Q. I read in your article Nama-Dharma that mind is driven by sound. Do you know anything about autosuggestion or confirmation methods used in modern psychology and some Buddhist sects? One example I read is to audibly repeat to oneself “my bodily strength is unshakable” or “my life-energy is infinite.” How does this affect someone? Is this really working on some level of consciousness?

A. Such affirmations can affect your psychology and thus the way you think about things. This in turn can affect your physical reality and your approach to spiritual practice as well. If one is not psychologically healthy, this condition may impact one’s spiritual practice. Thus affirmations and autosuggestion tailored to one’s psychological needs can be useful. They are certainly useful in a material sense, and they are also useful to those interested in spiritual practice, especially those whose psychological conditioning gets in their way. However, there is a difference between actual spiritual practice and fine-tuning one’s psychology. The chanting of Krishna nama has the power to touch one’s soul, whereas autosuggestion directly affects only the mind.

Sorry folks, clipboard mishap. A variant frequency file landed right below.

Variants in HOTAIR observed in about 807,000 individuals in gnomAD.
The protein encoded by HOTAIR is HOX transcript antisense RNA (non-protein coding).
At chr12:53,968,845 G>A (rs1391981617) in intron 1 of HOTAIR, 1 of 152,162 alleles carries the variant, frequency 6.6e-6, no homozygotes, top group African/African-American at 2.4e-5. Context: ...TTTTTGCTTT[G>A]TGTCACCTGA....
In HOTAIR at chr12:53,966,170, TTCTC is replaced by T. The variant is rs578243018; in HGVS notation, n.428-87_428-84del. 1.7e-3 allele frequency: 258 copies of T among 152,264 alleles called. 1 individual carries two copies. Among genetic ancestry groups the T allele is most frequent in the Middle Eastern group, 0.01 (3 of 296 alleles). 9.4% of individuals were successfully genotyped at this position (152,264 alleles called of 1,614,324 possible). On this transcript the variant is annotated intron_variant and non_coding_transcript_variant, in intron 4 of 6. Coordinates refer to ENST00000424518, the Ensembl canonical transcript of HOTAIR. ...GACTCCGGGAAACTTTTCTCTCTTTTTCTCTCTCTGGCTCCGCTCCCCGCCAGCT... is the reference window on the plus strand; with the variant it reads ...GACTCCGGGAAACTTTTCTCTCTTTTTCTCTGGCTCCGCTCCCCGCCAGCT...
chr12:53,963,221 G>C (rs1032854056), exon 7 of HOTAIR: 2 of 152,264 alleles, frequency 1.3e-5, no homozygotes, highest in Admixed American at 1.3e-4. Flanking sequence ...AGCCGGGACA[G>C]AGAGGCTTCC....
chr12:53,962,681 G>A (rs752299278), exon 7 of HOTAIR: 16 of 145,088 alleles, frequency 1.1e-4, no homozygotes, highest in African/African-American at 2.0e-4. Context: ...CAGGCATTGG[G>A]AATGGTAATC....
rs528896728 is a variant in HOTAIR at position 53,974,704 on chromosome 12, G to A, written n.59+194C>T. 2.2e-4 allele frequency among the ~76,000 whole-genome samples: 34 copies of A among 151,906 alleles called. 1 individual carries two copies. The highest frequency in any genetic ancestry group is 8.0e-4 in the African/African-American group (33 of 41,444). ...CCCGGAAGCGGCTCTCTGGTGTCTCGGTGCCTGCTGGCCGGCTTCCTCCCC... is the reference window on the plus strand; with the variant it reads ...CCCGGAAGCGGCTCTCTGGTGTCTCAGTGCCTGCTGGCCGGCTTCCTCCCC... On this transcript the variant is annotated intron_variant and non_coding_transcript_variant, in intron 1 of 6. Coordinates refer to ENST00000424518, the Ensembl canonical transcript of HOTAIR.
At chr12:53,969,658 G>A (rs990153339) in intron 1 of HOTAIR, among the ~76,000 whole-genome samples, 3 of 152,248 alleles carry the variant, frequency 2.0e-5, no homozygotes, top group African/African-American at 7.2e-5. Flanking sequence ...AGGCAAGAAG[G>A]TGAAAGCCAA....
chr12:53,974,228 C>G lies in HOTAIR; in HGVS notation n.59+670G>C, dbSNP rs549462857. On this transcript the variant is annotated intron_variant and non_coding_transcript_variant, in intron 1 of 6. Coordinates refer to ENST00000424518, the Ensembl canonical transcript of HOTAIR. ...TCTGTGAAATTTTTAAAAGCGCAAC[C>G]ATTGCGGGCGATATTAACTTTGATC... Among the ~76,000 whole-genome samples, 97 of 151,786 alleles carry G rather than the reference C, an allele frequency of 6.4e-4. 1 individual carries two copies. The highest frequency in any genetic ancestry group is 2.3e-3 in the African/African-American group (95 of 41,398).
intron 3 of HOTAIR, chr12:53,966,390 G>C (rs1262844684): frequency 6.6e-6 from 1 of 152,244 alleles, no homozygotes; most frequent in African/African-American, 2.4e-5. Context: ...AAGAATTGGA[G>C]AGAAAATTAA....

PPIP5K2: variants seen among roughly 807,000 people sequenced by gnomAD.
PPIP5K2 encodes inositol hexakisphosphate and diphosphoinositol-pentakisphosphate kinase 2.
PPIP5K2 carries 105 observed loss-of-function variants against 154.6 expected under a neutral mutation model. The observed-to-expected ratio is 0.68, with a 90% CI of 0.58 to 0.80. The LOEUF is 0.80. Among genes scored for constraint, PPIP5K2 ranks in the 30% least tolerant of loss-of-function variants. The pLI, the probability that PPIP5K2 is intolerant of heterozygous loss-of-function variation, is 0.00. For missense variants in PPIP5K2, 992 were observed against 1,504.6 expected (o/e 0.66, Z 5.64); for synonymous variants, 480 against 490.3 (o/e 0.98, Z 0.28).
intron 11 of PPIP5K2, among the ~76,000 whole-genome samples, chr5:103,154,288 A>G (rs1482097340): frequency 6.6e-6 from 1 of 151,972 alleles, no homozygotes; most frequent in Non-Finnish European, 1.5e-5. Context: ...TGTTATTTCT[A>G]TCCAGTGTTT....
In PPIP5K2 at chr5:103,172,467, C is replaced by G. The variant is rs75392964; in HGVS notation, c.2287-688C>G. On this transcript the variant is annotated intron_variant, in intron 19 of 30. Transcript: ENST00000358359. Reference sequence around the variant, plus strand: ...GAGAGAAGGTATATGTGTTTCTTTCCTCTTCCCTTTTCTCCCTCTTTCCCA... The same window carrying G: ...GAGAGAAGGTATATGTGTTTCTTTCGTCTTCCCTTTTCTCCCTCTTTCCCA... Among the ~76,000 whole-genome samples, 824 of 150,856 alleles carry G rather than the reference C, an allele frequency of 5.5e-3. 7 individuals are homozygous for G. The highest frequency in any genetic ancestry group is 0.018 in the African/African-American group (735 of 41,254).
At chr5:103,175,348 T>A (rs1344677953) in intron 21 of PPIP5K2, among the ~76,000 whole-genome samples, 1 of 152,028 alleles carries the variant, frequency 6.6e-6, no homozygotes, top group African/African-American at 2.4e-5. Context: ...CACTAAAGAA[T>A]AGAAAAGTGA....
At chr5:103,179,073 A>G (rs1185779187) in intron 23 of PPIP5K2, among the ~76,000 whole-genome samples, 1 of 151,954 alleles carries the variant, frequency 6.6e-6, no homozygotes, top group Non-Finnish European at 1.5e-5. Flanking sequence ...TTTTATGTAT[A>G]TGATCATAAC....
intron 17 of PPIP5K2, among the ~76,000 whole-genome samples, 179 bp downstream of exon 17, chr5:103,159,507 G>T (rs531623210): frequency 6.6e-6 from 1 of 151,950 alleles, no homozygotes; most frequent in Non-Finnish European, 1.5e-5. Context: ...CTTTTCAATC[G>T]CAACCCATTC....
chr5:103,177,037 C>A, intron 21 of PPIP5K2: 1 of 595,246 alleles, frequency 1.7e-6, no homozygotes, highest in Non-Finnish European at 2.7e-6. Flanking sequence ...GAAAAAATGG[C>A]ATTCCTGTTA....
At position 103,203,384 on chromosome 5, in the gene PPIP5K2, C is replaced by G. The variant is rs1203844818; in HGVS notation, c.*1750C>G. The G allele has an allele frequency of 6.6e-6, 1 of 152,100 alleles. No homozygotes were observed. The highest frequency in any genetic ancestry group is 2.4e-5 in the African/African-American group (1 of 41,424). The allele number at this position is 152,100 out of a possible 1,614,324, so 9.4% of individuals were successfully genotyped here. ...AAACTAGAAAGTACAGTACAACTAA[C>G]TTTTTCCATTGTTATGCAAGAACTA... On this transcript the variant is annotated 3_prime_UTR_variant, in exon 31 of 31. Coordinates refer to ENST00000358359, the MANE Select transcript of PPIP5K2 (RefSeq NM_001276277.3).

Q. Do Gaudiya Vaisnavas accept the precepts and wisdom of Canakya Pandita? (An ancient expert on the science of personal and political ethics.)

A. The wisdom of Canakya Pandita pertains to moral and ethical standards, insights into human behavior, as well as insightful ways to deal with others in general. Thus in one sense it is relative to the times of Canakya and has little to do with Gaudiya Vaisnavism itself. However, wisdom such as Canakya’s is important in Krishna-lila. Some intimate friends of Krishna are well acquainted with this kind of wisdom and they offer it to Krishna on regular basis, especially when counseling him on his romantic life. Subala-sakha is particularly well versed in this kind of practical insight. Thus Srila Rupa Goswami offers his pranama to Subala with reference to this aspect of his nature, naya-nandita-bandhavam vande.